• They regain their human form upon the rising of the sun. A Werewolf cannot fully remember what it has done in the form of the Wolfman The memories are spotty as if from a half-remembered nightmare.

Using its Berserker ability the Wolfman will viciously attack anyone it sees until its victim is dead or the beast is driven off. It will make no distinction between friend or foe. It will ravage anyone in its way. Those who are bitten by the Beast and survive are cursed to become Werewolves upon the rising of the next month’s full moon.

In Wolfman Form
-2 Int, -2 Wis
The Wolfman has the same HD that he did in human form. Add +2 hp per HD for the new hp total.
These hp are subtracted from the human form's total when he changes back at dawn. This may bring him below 0 hp.
Attacks are at +1 per HD, as any normal monster.
Saving Throw is the same as human form.
Cannot use any class abilities in this form.
Cannot speak in this form.


  • Alertness: The Wolfman is only surprised on a 1 on a 1d6.
  • Berserker: If angered or attacked  the Wolfman must make a saving throw or go into a violent rage attacking the source of his rage with a +2 bonus to hit/damage and a -2 penalty to AC. Once combat is over (the opponent is dead or has successfully fled) the Wolfman can make a saving throw to come out of his rage and not attack his allies in his frenzy. He makes this saving throw check each round til he comes out of the rage. On nights of the full moon, the Wolfman can use this ability at will.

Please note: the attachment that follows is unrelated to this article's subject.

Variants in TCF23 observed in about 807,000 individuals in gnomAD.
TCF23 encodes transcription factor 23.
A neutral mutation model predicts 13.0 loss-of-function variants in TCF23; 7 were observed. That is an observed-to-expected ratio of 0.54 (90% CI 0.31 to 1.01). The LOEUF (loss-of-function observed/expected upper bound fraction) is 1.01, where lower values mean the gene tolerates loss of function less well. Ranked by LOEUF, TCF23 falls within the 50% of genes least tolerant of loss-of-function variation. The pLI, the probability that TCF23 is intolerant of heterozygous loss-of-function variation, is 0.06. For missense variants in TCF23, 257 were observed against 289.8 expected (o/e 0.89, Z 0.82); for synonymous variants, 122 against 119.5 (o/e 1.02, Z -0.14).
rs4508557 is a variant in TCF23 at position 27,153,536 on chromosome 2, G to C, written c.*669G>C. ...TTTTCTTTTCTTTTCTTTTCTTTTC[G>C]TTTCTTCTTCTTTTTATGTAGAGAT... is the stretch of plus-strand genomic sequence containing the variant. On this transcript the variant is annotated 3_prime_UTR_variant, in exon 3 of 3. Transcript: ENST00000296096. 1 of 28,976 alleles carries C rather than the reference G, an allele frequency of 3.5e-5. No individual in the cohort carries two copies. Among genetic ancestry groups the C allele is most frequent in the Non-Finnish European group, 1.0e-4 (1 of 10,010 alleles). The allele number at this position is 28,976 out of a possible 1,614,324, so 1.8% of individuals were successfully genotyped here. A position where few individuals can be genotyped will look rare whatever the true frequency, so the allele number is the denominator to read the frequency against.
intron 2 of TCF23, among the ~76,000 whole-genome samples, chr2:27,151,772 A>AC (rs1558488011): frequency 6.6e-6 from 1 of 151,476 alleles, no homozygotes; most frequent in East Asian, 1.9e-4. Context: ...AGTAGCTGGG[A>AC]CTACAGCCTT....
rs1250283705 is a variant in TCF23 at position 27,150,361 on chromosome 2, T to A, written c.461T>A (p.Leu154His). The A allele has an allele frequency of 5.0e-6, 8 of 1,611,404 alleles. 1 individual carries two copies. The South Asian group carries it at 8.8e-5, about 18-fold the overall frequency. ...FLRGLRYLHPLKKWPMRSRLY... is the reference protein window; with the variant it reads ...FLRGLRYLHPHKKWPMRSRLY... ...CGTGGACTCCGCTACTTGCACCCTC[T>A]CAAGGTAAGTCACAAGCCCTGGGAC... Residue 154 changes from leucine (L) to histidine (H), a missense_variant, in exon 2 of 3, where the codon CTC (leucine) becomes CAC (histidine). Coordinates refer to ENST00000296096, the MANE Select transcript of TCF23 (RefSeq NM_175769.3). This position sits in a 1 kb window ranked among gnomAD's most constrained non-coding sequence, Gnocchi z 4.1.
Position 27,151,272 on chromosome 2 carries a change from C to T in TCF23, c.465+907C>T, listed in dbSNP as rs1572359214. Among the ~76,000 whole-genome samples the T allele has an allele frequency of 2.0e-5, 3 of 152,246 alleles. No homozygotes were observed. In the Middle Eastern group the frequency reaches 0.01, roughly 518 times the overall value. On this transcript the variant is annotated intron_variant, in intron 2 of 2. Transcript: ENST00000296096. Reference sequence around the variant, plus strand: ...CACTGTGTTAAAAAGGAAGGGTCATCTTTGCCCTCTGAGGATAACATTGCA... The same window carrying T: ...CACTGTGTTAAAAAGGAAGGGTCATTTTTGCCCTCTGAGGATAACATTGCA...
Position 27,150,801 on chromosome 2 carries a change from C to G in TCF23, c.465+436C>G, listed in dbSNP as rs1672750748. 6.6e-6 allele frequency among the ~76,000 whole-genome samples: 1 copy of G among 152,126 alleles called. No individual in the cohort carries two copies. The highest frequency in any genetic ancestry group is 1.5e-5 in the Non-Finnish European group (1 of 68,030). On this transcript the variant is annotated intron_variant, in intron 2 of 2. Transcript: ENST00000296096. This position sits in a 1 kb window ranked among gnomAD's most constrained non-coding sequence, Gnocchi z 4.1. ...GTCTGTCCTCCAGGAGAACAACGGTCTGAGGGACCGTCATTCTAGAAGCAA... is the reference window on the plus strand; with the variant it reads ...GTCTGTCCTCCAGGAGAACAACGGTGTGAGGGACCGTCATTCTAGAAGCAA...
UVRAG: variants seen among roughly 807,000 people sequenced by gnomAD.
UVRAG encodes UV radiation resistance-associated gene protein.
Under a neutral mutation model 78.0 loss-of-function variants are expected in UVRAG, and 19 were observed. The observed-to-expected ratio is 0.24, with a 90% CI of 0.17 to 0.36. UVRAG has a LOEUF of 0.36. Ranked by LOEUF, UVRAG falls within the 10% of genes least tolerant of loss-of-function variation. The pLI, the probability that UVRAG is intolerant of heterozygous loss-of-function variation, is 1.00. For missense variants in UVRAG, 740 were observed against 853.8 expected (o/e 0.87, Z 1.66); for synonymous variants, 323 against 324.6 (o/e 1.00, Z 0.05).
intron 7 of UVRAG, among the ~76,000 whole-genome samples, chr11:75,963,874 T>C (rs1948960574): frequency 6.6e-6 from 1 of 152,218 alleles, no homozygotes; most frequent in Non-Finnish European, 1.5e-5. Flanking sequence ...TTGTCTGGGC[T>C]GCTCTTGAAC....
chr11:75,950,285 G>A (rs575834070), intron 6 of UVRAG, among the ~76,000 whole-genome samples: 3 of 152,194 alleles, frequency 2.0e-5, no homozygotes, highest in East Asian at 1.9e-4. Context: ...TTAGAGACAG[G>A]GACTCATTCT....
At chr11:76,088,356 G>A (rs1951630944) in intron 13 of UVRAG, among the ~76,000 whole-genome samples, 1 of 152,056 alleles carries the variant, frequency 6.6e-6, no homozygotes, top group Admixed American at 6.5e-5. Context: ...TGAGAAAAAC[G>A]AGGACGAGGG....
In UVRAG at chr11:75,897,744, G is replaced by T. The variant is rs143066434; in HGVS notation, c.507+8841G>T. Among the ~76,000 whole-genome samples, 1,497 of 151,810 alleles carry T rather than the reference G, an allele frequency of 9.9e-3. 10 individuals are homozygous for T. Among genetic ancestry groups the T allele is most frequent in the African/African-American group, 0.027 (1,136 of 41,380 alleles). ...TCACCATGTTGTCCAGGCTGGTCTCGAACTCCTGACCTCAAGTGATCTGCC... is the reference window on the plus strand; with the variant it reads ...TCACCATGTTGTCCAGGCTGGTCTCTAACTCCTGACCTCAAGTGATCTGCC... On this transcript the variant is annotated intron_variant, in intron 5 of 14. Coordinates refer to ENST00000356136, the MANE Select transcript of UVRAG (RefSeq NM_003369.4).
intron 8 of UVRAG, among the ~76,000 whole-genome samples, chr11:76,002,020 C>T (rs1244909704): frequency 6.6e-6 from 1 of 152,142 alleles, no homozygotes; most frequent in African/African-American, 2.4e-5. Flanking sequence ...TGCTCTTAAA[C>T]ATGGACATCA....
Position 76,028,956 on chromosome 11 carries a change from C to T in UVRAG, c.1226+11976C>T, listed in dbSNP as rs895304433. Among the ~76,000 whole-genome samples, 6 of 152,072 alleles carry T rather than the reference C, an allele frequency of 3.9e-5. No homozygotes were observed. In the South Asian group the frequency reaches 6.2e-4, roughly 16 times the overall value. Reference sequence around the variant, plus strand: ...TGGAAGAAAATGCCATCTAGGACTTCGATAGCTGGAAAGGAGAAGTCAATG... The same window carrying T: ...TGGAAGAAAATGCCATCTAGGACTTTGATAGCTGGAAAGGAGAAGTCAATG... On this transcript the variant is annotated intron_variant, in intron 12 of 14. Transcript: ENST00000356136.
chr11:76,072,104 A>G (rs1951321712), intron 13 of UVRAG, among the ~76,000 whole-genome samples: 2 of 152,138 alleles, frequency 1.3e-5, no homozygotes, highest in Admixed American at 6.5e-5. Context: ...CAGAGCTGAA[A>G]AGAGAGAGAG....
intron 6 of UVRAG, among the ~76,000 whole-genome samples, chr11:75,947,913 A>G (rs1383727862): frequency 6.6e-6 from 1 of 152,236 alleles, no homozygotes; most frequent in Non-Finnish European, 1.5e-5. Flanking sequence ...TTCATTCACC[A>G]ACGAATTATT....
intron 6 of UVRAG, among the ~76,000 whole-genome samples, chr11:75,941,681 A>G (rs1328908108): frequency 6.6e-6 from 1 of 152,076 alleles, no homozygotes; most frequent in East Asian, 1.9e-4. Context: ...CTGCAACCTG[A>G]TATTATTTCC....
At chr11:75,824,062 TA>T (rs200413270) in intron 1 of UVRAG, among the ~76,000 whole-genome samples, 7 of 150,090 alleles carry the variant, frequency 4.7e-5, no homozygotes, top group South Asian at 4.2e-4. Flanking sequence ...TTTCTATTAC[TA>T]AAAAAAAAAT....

• Bite and Claw: The Wolfman can attack with two claws(1d6+Str bonus each) or one bite (2d4+Str bonus.)
  • Inhuman Strength: The Wolfman is far stronger than a human. To reflect this he gains a +2  (in addition to their normal Strength bonus) to all  melee and unarmed damage rolls, as well as to attempts to open doors. The +2 is also used as a bonus to any Strength attribute checks. 
  • Pentagram Mark: The Wolfman has a +2 bonus to saves vs magic.
  • Regeneration: The Wolfman regenerates all damage but silver at a rate of 1 hp per round.
  • Runner: The Wolfman has a movement of 15.
  • Supernaturally Tough: The extra bone and muscle gives the Wolfman a +2 bonus to AC.
  • Track by Scent: The Wolfman can follow a scent trail on a 1-4 on a 1d6.
  • Weapon Immunity: The Wolfman takes 1/2 damage from all sources except silver or magical weapons. These do full damage.


  • Animal Panic: A Wolfman cannot come within 10' of an animal or that animal must make a saving throw or try to flee in panic from the Werewolf.
  • Freak: He's a huge werewolf. He'll send the average man or woman into a screaming panic or a catatonic coma. Wolfmen effectively have a Charisma of 0 when dealing with normal people. This may be overcome given time and actions by the Wolfman.